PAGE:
At Island Burger, guests are hit with “island fever,” as calypso and steel drum tunes fill the air while the aroma of freshly grilled burgers takes them on a tropical journey from Brooklyn to Trinidad.

Island Burger is one of dozens of Caribbean restaurants lining Utica Avenue in East Flatbush and attracting guests from near and far wanting a taste of the islands. But it stands alone as the sole eatery serving “gourmet fast food” like burgers, ribs and wings incorporating Trinidadian seasonings, spices and sauces, which co-owner Tracy Agarrat said gives their food a unique “twist.”

“In Trinidad, they cook and season everything differently than they do over here,” said Agarrat, 40, co-owner of Island Burger alongside her sister Linette Beckles, 34. “What we’re doing here is gourmet fast food – using different sauces that bring out the food’s real flavor.”

The London-born siblings had both discussed opening a retail store until Beckles made a huge discovery during a trip to Trinidad’s capital, Port of Spain, where they both lived for many years.

“My sister and her boyfriend had taken a trip to Trinidad over Christmas break and one night her and her boyfriend stopped by one of those beachside food stands,” Agarrat said. “The burger was so great that by the time they got home they decided to drive back to get more.”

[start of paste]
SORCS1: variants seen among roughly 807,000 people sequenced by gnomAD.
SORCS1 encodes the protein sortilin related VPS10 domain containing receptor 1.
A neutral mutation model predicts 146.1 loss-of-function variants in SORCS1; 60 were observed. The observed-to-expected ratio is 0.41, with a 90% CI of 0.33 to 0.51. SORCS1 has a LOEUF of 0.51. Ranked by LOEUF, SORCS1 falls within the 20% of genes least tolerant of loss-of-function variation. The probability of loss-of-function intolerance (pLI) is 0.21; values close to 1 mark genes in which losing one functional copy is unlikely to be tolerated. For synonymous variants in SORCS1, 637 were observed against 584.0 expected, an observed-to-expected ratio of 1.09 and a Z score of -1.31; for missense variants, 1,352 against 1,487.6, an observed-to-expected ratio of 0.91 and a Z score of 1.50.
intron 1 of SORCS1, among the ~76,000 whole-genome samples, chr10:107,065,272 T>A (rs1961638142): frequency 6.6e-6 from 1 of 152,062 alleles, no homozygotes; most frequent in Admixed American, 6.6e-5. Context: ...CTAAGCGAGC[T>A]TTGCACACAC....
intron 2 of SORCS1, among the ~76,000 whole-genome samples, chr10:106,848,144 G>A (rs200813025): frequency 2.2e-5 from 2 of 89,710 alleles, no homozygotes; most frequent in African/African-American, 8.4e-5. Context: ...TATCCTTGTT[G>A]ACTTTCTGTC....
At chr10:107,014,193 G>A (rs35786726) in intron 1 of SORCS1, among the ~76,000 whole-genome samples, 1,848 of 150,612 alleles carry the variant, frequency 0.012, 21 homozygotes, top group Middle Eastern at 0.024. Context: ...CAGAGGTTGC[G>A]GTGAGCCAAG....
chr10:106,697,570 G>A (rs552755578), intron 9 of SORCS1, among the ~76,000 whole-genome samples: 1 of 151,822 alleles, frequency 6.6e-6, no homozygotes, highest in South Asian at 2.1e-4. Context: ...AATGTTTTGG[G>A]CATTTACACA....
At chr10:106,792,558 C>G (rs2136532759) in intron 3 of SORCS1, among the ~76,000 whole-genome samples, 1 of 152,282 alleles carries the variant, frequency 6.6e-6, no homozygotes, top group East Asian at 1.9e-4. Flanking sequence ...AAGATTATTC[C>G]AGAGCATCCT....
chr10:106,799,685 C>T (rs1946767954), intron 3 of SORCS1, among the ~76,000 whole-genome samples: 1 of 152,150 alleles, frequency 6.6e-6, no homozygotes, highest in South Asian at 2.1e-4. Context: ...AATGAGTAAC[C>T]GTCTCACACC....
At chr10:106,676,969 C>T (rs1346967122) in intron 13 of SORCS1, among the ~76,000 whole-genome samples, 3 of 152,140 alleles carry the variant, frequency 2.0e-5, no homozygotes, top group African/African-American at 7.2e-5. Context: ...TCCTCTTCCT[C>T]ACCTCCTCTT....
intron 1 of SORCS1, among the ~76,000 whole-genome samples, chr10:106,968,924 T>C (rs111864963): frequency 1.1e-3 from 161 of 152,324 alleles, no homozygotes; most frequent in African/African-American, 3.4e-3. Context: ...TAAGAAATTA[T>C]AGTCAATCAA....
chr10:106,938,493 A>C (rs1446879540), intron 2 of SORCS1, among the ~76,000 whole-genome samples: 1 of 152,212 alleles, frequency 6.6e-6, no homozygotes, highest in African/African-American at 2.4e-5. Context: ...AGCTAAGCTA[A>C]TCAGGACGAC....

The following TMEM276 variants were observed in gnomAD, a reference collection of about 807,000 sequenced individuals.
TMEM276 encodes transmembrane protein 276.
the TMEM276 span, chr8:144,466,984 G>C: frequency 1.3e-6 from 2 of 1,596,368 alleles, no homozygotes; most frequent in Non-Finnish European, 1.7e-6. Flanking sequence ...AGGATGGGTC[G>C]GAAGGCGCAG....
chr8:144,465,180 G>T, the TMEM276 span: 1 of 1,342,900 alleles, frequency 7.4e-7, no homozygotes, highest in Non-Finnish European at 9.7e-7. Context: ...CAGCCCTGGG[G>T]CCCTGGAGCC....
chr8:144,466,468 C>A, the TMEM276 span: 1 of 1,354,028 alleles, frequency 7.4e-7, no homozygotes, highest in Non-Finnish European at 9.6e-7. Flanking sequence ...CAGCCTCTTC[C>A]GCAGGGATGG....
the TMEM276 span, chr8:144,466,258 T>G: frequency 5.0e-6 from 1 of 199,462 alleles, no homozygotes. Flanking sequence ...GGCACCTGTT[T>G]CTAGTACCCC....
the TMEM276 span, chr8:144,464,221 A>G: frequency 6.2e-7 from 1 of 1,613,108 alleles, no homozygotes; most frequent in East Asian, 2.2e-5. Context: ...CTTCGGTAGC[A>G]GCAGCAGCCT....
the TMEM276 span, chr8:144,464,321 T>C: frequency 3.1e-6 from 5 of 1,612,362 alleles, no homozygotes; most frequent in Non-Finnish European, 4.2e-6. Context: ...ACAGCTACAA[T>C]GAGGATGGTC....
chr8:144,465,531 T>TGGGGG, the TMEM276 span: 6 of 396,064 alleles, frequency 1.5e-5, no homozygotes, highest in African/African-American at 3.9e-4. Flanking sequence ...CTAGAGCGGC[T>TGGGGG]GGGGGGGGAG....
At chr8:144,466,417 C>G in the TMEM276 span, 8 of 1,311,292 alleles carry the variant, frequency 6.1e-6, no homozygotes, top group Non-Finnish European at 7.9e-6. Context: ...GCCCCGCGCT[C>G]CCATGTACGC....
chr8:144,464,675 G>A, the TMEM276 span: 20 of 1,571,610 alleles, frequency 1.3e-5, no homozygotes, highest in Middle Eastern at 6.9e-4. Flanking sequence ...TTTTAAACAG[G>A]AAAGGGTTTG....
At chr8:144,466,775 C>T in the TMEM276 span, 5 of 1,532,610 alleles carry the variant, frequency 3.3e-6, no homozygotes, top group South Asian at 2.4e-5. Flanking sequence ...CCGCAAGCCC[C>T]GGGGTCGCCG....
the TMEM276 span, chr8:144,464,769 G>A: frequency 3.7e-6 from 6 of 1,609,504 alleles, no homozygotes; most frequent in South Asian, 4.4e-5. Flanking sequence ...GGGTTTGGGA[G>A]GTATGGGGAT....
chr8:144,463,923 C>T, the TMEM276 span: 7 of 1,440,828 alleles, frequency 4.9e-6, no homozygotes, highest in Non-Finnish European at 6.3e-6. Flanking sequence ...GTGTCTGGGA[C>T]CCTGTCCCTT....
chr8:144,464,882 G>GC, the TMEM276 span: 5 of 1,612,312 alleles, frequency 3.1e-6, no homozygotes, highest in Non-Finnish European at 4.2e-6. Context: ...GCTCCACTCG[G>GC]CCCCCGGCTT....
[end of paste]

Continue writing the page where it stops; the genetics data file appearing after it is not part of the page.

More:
Beckles, who along with her sister had previous experience in the restaurant business, proposed the idea of opening a restaurant to her back in New York. After scouring the neighborhood, the sisters noticed a pattern of Caribbean restaurants serving traditional foods like rice, peas and curry– but none serving fast food the “Trini way.” Eighteen months later, Island Burger first opened its doors.

Most entrée items are under $10, with most guests raving about “D Island Burger,” an 8-ounce beef patty topped with coleslaw, tomato, pineapple, and an array of sauces such as mango chutney, tamarind and garlic.

To longtime customer Tameeka Downing, the sauces make all the difference.

“They definitely bring out the real flavors of the food,” Downing said. “They have this mango sauce, garlic sauce, and tamarind sauce that all really bring it back to the island. You don’t get that in other restaurants.”

Even the takeout boxes are reminiscent of the southernmost Caribbean island where locals buy tasty eats from food huts along the beach.

“In Trinidad they use these white cardboard takeout boxes, I think they’re called chicken boxes,” Agarrat said. “We fold them and put the wax paper on top. People really like that – especially those from the Caribbean – they say, ‘Oh, they do it just like back home.’ ”

As hungry crowds started to fill the eatery late on a cold evening last Friday, the sounds of sizzling burgers on the grill intertwined with the Caribbean music broadcast through the radio. For a brief moment, it was another day in Trinidad.

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